Should Parents Treat their Twins Equally?

By Audrey Porterman

It is tempting to treat your twins equally from the moment they are born. You start with matching layettes, then start dressing them in matching outfits everyday from then on — right down to the socks or the hair bows to match. Toys are purchased in matching sets. Play dates are scheduled together.

This focus on equal treatment starts to extend to all aspects of your lives. Time with mommy and daddy is carefully monitored to ensure that no one twin gets more than the other. Rewards and praises are watched closely to ensure that both are given equally. After all, you don’t want one twin to get preferential treatment.

Yet this careful attention to equal treatment may not have the well-intended effects you hope. Often, it can impede their development of individual identities, which they profoundly desire. The development of an individual identity starts as early as infancy and continues throughout adulthood.

In order to help your twins develop their own identities, it is important to focus not on treating them equally, but on treating them fairly and on finding ways to meet their individual needs. Here are just a few ways you can break away from treating your twins equally and focus instead on treating them like individuals:

One-on-One Time

One of the easiest ways you can foster your twins’ sense of individuality is to spend time with them individually, starting in infancy. Make it a point to have special one-on-one time with each of them every day. This can be as simple as mommy reading one twin a bedtime story while daddy gives the other a bath. Each twin has alone time and the chance to establish that individual relationship and to talk about individual interests, hopes, fears, and so on.


Clothing helps us express our personality and our individuality. Help foster that in your twins by dressing them separately, starting in infancy. Don’t merely choose different colors for the same outfits, or different but complimentary styles in the same color. If the outfit of one twin was chosen based on the outfit of the other, you are not allowing them to be considered individually.

Dress each twin as an individual. Later, when they are old enough to express their own choices and begin to develop their own sense of style, let them choose their own outfits. They may decide to wear similar (or even the same) outfits. If that’s the case, let them — so long as it is truly their own choice.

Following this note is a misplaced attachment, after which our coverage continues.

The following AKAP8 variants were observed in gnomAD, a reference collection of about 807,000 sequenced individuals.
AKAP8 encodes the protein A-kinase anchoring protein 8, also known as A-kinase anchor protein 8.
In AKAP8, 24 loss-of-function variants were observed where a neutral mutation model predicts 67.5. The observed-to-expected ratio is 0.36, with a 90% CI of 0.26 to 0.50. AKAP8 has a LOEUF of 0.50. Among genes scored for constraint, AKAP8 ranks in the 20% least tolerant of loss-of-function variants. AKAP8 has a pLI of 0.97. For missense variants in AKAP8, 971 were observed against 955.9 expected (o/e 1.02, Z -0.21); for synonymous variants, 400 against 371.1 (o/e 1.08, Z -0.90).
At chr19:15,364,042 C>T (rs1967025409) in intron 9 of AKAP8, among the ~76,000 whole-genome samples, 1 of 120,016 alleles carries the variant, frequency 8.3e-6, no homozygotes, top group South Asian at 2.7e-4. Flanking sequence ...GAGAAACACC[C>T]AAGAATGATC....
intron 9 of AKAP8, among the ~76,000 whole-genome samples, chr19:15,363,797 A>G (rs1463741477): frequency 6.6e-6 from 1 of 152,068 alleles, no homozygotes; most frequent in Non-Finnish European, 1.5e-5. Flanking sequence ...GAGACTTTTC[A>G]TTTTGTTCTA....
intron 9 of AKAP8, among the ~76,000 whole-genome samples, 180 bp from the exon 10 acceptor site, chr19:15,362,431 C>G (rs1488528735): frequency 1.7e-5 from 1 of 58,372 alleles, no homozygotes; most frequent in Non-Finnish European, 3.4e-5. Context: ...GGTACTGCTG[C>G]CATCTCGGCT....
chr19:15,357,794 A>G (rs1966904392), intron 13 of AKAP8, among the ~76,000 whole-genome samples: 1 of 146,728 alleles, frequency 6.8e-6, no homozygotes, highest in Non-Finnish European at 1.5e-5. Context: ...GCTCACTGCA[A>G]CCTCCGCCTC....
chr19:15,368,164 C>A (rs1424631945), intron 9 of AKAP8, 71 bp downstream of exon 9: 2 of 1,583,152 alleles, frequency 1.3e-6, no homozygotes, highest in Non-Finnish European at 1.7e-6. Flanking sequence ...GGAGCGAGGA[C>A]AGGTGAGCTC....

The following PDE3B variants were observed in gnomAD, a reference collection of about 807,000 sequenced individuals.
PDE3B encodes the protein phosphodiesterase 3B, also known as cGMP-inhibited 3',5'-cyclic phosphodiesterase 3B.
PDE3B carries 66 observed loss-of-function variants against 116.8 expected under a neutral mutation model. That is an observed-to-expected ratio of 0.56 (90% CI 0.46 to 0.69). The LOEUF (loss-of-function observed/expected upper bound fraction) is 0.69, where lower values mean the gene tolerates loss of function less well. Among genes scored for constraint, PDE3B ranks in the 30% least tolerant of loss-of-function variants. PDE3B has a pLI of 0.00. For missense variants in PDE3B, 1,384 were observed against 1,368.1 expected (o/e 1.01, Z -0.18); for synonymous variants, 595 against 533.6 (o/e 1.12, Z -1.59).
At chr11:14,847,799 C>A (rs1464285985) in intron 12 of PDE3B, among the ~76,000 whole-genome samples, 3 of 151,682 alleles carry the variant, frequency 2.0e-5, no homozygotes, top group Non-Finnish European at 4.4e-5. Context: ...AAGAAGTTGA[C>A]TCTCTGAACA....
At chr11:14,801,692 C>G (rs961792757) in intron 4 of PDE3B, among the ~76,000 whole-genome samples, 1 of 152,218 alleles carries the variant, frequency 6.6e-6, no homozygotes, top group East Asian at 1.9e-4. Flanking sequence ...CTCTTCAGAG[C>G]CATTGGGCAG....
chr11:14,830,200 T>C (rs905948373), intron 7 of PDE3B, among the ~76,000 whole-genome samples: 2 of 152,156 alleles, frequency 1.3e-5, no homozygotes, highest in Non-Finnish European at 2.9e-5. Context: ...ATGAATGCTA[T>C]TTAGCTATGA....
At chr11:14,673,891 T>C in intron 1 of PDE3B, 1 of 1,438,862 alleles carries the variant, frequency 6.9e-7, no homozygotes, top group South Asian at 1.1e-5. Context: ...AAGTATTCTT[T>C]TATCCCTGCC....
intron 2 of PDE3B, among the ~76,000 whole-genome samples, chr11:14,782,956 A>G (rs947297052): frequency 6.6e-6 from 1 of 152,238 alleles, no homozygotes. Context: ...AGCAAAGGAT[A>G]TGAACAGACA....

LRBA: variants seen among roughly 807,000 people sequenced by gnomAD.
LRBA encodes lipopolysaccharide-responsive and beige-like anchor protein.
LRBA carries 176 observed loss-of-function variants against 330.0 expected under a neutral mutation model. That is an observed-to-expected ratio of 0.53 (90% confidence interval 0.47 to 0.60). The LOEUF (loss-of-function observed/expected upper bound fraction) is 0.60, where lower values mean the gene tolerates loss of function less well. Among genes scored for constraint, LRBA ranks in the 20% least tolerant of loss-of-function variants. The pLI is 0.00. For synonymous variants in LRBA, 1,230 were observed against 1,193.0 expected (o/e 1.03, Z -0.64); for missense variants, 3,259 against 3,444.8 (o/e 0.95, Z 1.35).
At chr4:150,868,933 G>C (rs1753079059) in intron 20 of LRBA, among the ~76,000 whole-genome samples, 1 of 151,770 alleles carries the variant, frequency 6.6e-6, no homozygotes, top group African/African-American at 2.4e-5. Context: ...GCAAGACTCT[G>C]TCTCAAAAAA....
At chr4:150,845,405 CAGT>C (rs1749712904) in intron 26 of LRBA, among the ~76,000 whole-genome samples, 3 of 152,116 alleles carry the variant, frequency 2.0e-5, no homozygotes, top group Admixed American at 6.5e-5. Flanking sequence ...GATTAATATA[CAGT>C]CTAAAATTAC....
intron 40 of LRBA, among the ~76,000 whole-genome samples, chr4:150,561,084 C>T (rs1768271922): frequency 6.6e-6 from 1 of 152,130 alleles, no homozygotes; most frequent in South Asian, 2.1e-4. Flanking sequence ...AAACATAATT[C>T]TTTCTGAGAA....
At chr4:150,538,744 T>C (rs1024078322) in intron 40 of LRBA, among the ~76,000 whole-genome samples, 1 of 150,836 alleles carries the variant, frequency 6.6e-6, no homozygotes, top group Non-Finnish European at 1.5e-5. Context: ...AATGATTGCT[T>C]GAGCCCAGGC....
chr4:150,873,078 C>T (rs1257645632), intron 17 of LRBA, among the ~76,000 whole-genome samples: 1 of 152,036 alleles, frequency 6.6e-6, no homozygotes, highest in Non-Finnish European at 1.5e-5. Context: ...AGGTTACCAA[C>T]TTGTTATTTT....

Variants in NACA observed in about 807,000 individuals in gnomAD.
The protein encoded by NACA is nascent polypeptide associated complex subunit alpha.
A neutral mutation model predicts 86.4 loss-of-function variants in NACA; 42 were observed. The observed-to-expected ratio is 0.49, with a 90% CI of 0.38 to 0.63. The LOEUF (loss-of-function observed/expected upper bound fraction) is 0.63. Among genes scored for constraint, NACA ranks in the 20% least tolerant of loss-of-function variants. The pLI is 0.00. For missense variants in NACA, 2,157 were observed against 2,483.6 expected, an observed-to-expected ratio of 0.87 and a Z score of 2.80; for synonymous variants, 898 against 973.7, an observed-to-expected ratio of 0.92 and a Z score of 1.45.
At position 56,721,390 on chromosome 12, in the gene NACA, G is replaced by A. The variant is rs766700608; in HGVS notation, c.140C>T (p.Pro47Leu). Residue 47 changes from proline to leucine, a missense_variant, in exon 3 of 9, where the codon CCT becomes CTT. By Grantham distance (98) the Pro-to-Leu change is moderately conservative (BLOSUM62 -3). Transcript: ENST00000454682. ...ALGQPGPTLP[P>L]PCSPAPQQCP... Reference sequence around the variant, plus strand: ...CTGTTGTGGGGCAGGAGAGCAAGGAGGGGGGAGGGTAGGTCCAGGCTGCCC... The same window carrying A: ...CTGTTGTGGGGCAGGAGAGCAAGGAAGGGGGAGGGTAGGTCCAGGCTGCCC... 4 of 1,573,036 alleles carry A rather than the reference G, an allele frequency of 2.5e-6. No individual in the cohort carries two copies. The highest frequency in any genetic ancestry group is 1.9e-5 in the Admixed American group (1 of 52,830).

Play Dates

Of course, many twins are likely to share some of the same (maybe all of the same) friends. However, this doesn’t mean that they have to spend all of their time together, even when they are with shared friends. Twins have to learn to develop individual relationships. You can foster this by allowing them to have individual play dates.

Not every play date has to be an individual one. Yet you should strive to make them at least a regular part of the rotation — perhaps every two weeks or so, depending on what works best for your family.


Imagine how you would feel if every time you celebrated a milestone — a birthday, a graduation, heading off to college — someone close to you was celebrating it at the exact same time. This is the constant reality for twins.

Help make celebrations special and allow twins to feel a sense of individuality by throwing separate celebrations for each that reflect their individual personalities and desires. For example, maybe one twin wants a big party with a clown for his birthday, while the other just wants to go to the movies with friends. Find ways to make these celebrations special for each twin, rather than treating them like a unit.

While treating your twins equally might seem like the best way to establish fairness and to avoid preferential treatment, attempting equal treatment can actually have negative effects on the development of individual identity. According to Dr. Khanh-Van Le-Buckling, the author of “Twins 101: 50 Must-Have Tips for Pregnancy through Early Childhood from Doctor M.O.M.,” the goal should be to aim for fairness, not equality. Doing so will teach your twins empathy and help them to explore their individuality, knowing that they are treated differently based on their individual needs.

In what ways did you attempt to treat your twins differently to help them develop their individual identities? Tell us your thoughts in the comments!

Audrey Porterman is the main researcher and writer for Her most recent accomplishment includes graduating from Ohio State, with a degree in business management. Her current focus for the site involves an online psychology phd and finance phd programs.